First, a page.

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Effects of Estrogen plus Progestin on Gynecologic Cancers
Dietary Trial (1994-2005)
Hormone Trials (1994-2004)
Calcium/Vitamin D Trial (1994-2005)
Observational Study (1994-present)
The Effects of Estrogen plus Progestin on Gynecologic Cancers and Associated Diagnostic Procedures
Abstract of scientific paper in the JAMA
Gynecologic cancers are cancers of female organs other than the breast. We do not know much about the factors that affect these diseases, in part because they are not very common. Many years ago, a link between estrogen alone and endometrial cancer was found. Observational studies suggested that using estrogens combined with progestins would protect the uterus from this risk. Based on this information, physicians began to give combined hormones to women with a uterus.
In the October 1 issue of the Journal of the American Medical Association, the WHI investigators report that women randomized to combined estrogen plus progestin (E+P) experienced:
A 19% decrease in endometrial cancer rates
A 58% increase in ovarian cancer rates
Thus, women taking E+P have a risk of endometrial cancer that is similar to or slightly less than women taking placebo. Progestin appears to cancel the harmful effect of estrogen in the uterus, as previous studies showed. However, E+P does not completely prevent endometrial cancer, so the bleeding problems that women often have with this therapy must still be monitored. This monitoring usually includes doing an endometrial biopsy. In the WHI study, E+P use was associated with a 5-fold increase in the number of women needing endometrial biopsies.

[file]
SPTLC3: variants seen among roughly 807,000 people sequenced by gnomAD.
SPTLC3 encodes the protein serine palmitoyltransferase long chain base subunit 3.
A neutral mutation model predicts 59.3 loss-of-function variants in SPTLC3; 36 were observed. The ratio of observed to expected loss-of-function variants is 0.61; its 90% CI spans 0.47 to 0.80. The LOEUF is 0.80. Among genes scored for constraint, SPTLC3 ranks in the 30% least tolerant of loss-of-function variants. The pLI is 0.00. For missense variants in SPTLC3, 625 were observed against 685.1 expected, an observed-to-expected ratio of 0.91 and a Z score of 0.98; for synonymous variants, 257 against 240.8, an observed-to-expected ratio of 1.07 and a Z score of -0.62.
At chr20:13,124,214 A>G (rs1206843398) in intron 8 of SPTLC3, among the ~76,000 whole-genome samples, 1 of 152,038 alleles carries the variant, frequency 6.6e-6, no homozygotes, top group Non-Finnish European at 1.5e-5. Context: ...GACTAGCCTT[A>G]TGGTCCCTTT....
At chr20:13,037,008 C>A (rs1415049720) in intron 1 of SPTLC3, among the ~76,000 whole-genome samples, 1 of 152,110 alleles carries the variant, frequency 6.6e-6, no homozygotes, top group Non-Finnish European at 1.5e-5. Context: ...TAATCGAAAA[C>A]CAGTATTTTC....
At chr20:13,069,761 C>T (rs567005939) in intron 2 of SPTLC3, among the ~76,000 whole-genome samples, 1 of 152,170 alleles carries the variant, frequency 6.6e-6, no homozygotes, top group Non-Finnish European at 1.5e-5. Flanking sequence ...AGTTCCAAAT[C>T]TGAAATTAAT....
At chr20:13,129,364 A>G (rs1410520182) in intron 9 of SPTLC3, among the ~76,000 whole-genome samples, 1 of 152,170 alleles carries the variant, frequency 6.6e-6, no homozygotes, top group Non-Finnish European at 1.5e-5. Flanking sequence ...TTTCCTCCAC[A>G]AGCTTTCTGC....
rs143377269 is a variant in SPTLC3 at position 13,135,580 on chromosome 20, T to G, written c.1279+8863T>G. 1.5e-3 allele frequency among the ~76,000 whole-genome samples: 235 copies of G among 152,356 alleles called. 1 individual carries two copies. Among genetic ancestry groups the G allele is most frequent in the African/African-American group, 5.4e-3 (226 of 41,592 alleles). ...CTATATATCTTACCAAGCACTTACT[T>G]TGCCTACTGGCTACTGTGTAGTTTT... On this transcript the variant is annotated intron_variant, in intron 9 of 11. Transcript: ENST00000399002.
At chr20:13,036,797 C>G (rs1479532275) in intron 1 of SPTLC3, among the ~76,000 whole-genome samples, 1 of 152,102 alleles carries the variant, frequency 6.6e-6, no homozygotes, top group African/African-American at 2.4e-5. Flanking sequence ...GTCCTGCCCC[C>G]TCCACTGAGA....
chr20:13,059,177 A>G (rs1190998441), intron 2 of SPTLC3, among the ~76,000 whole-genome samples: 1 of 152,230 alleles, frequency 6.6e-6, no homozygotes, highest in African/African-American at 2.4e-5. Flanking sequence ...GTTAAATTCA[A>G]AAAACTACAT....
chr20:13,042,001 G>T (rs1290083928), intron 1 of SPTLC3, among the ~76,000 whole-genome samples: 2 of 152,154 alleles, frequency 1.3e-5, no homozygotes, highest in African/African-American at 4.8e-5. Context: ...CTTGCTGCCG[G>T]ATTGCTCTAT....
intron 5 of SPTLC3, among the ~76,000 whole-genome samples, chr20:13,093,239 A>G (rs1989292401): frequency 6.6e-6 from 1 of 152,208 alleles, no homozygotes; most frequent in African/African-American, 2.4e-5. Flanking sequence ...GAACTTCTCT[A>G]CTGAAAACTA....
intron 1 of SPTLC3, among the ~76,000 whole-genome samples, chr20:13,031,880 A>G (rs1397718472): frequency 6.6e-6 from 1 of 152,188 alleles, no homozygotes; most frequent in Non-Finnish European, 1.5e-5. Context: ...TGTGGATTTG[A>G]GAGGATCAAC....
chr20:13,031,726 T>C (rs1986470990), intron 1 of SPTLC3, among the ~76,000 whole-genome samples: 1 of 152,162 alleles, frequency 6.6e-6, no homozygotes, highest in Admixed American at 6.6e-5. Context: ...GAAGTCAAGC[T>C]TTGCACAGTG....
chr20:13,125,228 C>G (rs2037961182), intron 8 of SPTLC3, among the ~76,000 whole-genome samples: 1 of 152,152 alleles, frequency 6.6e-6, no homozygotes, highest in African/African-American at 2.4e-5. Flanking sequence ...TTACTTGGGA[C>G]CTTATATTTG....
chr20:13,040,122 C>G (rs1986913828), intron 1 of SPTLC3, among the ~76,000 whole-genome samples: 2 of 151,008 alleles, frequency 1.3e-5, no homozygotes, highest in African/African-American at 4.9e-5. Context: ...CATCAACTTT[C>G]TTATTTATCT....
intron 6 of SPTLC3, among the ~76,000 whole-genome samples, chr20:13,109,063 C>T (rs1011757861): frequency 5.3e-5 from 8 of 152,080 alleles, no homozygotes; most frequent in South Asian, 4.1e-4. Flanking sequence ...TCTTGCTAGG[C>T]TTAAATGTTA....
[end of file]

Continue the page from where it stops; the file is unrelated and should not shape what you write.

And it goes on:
The increase in ovarian cancer is consistent with reports from observational studies of estrogen alone and some other forms of combined hormones. However, the number of ovarian cancers in WHI was small (only 32), so it is possible that this was just a chance finding. No other study has linked this particular hormone combination with an increased risk of ovarian cancer. It is also helpful to think about these findings in another way. In women taking placebo, the rate of ovarian cancer would be 27 cancers per 100,000 women per year. In women taking E+P, the rate would be 42 cancers per 100,000 women per year, an increase of 15. Even if this effect of E+P is real and not a chance finding, ovarian cancer remains a rare disease in women taking these hormones.
The numbers of other gynecologic cancers (cancers of the cervix, fallopian tube, and peritoneum) were very small. Therefore, it is not possible to make conclusions about the effects of combined hormone use on these cancers.
Gynecologic cancers are rare diseases, so these estimates are not precise. Nevertheless, these results support current recommendations to use the lowest dose of E+P for the shortest duration needed to treat menopausal symptoms.